Exactly what is this word “arthritis” that is used so commonly in our culture? It seems that every time you get an ache or pain in a joint, someone says it is probably arthritis. How is it diagnosed, why does it occur and is there anything you can do about it?
Let’s first make an important distinction. There are two types of arthritis. The most commonly talked about, osteoarthritis or degenerative joint disease, is the “wear and tear “of the joints typically caused by injury and over use.
A second type, called rheumatoid arthritis, is a systemic disease process. In rheumatoid arthritis, the joints “flare up” and become extremely hot, red, and swollen. To determine if you have rheumatoid arthritis, your doctor may do a blood test. We will look at the most common type, osteoarthritis, in this article.
Arthritis is typically diagnosed on an x-ray, which can show irregularities in the surfaces of the bones that make up a joint. These irregularities in the contour can cause joint pain and swelling, especially when you use that particular joint. Common areas that develop osteoarthritis are weight-bearing joints such as hips, knees, low back, and big toes. Arthritis appears to be related to trauma (as in sports injuries and accidents), over-use activities and compression of joint surfaces. Osteoarthritis affects an estimated 20.7 million Americans, most after the age of 45. However, in traumatic situations, it can start by the late 20s and 30s. Generally, women are more commonly affected than are men.
Let’s look more closely at why arthritis occurs.
According to the Arthritis Foundation, genetics may play some role in developing osteoarthritis because some people may be born with slight irregularities in their joints. As one ages, these irregularities may hasten early breakdown in the joints.
Interestingly, although age is a factor in arthritis, research shows that osteoarthritis is NOT an inevitable part of aging.
The one constant factor seen clinically in people’s histories and in postural evaluations is that increased joint compression tends to increase the risk of arthritis. That joint compression can come in the form of trauma—as in landing on your tail bone or jamming your knees sliding into a base—or it can come from long-term postural imbalances that place increased weight on one side of the body. Remember, arthritis is generally seen in “weight-bearing” joints. The painful compressed joints, in turn, cause the muscles around them to tighten and protect them, which causes more compression and results in less movement.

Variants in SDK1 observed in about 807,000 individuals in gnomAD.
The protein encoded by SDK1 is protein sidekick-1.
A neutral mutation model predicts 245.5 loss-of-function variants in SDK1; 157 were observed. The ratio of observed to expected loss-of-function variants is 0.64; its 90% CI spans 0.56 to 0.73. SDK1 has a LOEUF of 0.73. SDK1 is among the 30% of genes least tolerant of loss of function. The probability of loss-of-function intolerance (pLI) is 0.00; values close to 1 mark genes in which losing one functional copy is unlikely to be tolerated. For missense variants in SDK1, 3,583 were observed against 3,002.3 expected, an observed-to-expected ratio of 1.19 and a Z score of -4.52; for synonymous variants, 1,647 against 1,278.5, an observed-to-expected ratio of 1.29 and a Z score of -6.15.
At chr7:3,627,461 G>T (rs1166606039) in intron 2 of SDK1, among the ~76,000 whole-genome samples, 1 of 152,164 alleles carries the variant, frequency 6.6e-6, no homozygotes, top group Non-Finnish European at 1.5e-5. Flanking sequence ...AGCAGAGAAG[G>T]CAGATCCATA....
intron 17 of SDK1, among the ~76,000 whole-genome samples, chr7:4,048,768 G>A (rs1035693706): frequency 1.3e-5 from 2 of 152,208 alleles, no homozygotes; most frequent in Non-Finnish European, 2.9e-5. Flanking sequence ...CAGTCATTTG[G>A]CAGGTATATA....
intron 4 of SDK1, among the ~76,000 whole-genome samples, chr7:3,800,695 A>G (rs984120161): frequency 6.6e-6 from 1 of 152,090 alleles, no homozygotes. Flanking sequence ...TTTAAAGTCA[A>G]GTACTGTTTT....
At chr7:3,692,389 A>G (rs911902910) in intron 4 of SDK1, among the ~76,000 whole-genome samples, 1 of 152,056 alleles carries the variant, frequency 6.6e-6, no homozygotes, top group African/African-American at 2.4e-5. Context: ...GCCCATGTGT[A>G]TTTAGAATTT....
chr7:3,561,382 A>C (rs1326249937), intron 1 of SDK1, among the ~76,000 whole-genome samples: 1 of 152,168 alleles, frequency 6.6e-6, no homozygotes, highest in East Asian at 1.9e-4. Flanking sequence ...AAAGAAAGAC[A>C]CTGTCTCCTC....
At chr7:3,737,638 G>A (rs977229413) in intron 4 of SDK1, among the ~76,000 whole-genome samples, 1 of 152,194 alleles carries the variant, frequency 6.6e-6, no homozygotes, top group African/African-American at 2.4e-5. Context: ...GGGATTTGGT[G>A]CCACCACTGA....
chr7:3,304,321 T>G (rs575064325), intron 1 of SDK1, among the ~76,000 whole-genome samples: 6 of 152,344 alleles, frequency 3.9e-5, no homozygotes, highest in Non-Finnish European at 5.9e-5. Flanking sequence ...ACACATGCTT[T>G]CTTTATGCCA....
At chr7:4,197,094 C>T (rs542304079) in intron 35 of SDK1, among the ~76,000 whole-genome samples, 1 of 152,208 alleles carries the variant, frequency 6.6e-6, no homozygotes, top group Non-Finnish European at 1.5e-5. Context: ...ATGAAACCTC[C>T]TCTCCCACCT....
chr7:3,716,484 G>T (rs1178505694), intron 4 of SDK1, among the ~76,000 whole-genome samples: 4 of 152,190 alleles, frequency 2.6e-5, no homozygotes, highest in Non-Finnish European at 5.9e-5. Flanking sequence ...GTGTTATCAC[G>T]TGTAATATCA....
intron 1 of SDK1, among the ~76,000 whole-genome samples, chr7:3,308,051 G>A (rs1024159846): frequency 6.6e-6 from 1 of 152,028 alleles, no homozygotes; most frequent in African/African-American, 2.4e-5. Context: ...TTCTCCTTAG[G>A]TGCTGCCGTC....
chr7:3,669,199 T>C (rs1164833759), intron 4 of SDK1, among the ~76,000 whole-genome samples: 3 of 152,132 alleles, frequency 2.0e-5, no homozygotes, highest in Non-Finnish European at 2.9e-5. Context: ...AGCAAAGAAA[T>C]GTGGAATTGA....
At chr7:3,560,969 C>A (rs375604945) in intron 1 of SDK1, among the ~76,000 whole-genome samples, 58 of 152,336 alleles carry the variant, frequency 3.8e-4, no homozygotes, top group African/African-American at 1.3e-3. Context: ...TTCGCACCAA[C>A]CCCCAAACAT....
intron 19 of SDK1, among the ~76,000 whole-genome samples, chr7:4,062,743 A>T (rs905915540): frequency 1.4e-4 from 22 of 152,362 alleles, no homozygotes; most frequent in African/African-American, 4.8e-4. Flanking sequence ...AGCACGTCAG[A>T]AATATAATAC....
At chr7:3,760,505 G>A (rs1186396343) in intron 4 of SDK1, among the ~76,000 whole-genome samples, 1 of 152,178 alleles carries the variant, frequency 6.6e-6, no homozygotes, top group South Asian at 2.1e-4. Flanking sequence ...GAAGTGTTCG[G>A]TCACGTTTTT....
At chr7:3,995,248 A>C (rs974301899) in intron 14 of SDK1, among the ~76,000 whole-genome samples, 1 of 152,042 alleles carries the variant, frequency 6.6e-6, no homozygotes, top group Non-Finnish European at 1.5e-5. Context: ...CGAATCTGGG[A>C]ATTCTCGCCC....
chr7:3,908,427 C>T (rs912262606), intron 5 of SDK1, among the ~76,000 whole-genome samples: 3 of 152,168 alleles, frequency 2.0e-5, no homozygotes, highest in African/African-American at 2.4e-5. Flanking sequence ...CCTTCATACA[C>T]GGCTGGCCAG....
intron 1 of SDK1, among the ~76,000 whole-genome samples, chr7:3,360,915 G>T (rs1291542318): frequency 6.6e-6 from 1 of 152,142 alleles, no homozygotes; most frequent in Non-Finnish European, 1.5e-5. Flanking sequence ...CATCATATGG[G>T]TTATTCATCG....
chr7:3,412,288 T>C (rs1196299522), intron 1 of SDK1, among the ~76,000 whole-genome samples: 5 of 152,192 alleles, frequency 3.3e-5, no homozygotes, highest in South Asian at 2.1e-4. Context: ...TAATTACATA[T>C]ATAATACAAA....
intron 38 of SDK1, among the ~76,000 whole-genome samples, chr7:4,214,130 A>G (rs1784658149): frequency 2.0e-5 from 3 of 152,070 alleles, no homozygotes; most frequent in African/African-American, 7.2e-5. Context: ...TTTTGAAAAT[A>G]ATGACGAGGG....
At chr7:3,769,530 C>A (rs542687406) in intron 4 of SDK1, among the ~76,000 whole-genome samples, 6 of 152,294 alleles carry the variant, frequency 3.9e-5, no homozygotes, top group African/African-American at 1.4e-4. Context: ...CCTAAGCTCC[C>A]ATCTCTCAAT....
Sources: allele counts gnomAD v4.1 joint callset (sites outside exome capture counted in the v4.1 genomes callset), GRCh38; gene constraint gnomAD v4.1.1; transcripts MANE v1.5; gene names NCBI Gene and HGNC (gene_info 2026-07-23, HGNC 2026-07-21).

Let’s use a metaphor to look more closely at how postural imbalances can cause arthritis.
Say that the two bones making up the knee joint are like two pieces of metal moving in a machine. These pieces aren’t supposed to rub hard together but instead gently glide across each other’s smooth surface with a lubricant (your body’s synovial fluid).
Now, let’s say the floor on which the machine stands settles and the machine is slightly altered. So, those two pieces of metal may rub harder at one point of contact than at another.
If we look at this situation, we can start to see several outcomes. First, the lubricant won’t be has plentiful in the area of most contact. Second, the area that is rubbing too much will probably start to make an audible noise, and third, if you examine the two metal surfaces, you will find the place where the pieces rubbed has more signs of wear.
In this example, which loosely correlates to the body, the noise can be associated with “crepitus” or joint noises and swelling. The floor that the machine stands on is our supporting structure. It is made up of the pelvis and the spine’s postural balance. In other words, if the posture and normal alignment of your body changes, some joints are going to have more stress or compression on them.
Compressive forces can also occur in other situations. Someone who lays carpet, for example, constantly compresses his or her knees. Prolonged sitting with compressive jarring such as driving an older truck without an air seat can increase the likelihood of low back arthritis. Severe pounding like high impact aerobics and running with flat feet and poor shoes can contribute to arthritis.
The good news is there are simple things you can do to minimize your risk of arthritis.
Maintaining your ideal body weight is important. This will ensure you aren’t putting extra stress on your hips, knees, and spine when you do normal activities. Maintaining good postural alignment by standing and sitting up straight is important. If you are unable to stand or sit up straight without a lot of pain or excessive effort, your body is telling you something is out of balance. Seeing a physical therapist, osteopath, or chiropractor who is skilled in both structural and muscular balancing can prove helpful.
Pacing activities by not overdoing (like the weekend warrior syndrome) or by not lifting or doing a job that is too heavy for you is important. Getting help with big jobs, taking frequent breaks, and drinking plenty of water are important, too.
Lastly, keeping the joints mobile and the muscles around them strong without trading off joint compression is a delicate balance to strive for. Sports like swimming, kayaking, Ti Chi, low impact aerobics, Pilates and yoga minimize joint compression, work the whole body, and strengthen it in a balanced way.
Most importantly, listen to your body. It will tell you what activities and exercises make you feel loose, strong and give you more energy. It will also tell you what to avoid. Remember that the old motto “no pain, no gain” has long been dismissed as misinformation. Instead, “train, don’t strain.”